Wednesday, August 11, 2010
Kicking the crackberry habit
My fingers are twitching. My sinews are vibrating like high-tensile piano wires. My ears are on high alert for the little 'ping!' that announces an email has arrived on my blackberry.
This is the first thing I've really noticed about being Unemployed. (A minor digression: I think I should come up with a new term, too - I don't really like the connotations of that word, especially when what I'm experiencing is actually so marvellous. How about Creatively Employed instead - what do you think?).
Where was I? Oh yes, waiting for the ping. Except - there are no pings anymore. In fact, there is no blackberry at all.
This is a major adjustment to make.
I've been intravenously connected to the interweb and email for oh, about the past 15 years or so. I remember the days before email, that's how old I am - at my first job, in the ABC, I had to log on to something called a "dumb" terminal and it was called that because it basically could only do word processing and wasn't connected to any kind of higher power, and it had a black screen and green writing and couldn't send email because email didn't really exist back then. It was sad.
When email - and the internet - were introduced about a year later at the corporation, I was instantly hooked - and I've been hooked ever since. I live for the internets. I love email. I adore being able to chat to people in practically real time. I love the written word you see, and email makes it so accessible.
Now don't get me wrong, I love letters too, and the ancient art of letter writing (and its even rarer discipline, thank you notes) is something I think Australia Post should be creating a major marketing campaign around. There's nothing quite like receiving a letter, and let's be honest, when you're going through your mail and it's all bills and junk, it's the handwritten envelope that catches your attention, and you always open that one first, don't you? Yes you do, and so do I.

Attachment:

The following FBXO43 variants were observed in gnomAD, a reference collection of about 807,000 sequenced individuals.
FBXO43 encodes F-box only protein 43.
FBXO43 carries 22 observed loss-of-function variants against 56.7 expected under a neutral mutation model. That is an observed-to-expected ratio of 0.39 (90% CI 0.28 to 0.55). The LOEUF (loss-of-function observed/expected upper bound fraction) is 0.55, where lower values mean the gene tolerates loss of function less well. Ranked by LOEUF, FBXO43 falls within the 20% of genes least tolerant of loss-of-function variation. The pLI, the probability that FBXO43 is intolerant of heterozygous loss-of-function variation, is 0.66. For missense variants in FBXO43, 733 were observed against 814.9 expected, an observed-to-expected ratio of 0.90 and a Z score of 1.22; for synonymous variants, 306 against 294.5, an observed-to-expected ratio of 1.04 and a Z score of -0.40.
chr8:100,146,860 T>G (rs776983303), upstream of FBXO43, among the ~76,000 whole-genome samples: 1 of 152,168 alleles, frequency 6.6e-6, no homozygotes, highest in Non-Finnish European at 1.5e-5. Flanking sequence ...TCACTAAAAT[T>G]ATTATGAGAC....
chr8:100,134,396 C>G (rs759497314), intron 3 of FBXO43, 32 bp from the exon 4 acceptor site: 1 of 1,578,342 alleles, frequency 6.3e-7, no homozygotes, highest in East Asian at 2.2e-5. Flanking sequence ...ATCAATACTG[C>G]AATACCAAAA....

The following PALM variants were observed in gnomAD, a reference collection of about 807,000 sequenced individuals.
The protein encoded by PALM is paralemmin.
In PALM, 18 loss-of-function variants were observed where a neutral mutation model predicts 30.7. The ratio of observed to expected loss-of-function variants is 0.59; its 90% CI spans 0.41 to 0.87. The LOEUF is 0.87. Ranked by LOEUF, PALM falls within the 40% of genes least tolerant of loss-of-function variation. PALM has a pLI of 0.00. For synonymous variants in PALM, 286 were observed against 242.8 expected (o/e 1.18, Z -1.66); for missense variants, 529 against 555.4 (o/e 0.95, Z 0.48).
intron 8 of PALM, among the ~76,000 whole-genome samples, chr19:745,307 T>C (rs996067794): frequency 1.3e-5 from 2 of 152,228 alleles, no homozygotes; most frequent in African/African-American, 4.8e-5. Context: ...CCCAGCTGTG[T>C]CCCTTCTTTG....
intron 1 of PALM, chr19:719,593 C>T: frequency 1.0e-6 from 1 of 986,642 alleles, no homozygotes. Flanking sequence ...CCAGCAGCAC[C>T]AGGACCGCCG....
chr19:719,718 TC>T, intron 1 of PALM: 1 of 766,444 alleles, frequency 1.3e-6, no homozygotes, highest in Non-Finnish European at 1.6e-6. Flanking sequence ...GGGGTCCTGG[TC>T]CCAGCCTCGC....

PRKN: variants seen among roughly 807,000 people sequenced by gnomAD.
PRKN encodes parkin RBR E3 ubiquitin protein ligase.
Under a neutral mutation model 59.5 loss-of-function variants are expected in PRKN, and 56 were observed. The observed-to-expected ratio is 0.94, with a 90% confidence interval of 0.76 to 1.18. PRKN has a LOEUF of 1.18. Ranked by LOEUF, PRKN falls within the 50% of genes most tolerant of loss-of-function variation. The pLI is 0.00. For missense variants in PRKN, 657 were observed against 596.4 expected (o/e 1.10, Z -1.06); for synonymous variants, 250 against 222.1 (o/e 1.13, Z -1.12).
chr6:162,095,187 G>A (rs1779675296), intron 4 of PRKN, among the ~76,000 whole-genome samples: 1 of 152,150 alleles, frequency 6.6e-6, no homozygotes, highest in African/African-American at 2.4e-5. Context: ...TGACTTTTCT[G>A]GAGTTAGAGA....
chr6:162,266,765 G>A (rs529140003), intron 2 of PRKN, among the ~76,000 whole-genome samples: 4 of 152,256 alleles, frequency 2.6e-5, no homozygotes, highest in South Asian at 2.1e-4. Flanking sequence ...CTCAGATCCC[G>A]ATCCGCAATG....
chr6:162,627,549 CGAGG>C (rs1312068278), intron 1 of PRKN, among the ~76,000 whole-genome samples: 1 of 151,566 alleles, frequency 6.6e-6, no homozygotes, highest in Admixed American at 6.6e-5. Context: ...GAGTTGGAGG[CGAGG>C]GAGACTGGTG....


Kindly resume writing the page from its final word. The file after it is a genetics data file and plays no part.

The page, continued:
But I digress. I'm longing for email. It's 955am and I've checked my gmail account about a hundred times in the past hour, just in case someone has sent me something that I absolutely must read. And of course they haven't, because most of my email correspondence is work-related, and of course I have no work anymore! So I don't know quite what I'm expecting when I hit that refresh button, and the only thing I can justify it with is that it's the force of habit.
I'm sure that in time, I'll get to enjoy the long hours without constant interruptions and orders and requests from colleagues over email. I'm sure I'll relax and revel in the opportunity to start writing real letters again.
But right now, my fingers are itching for my blackberry.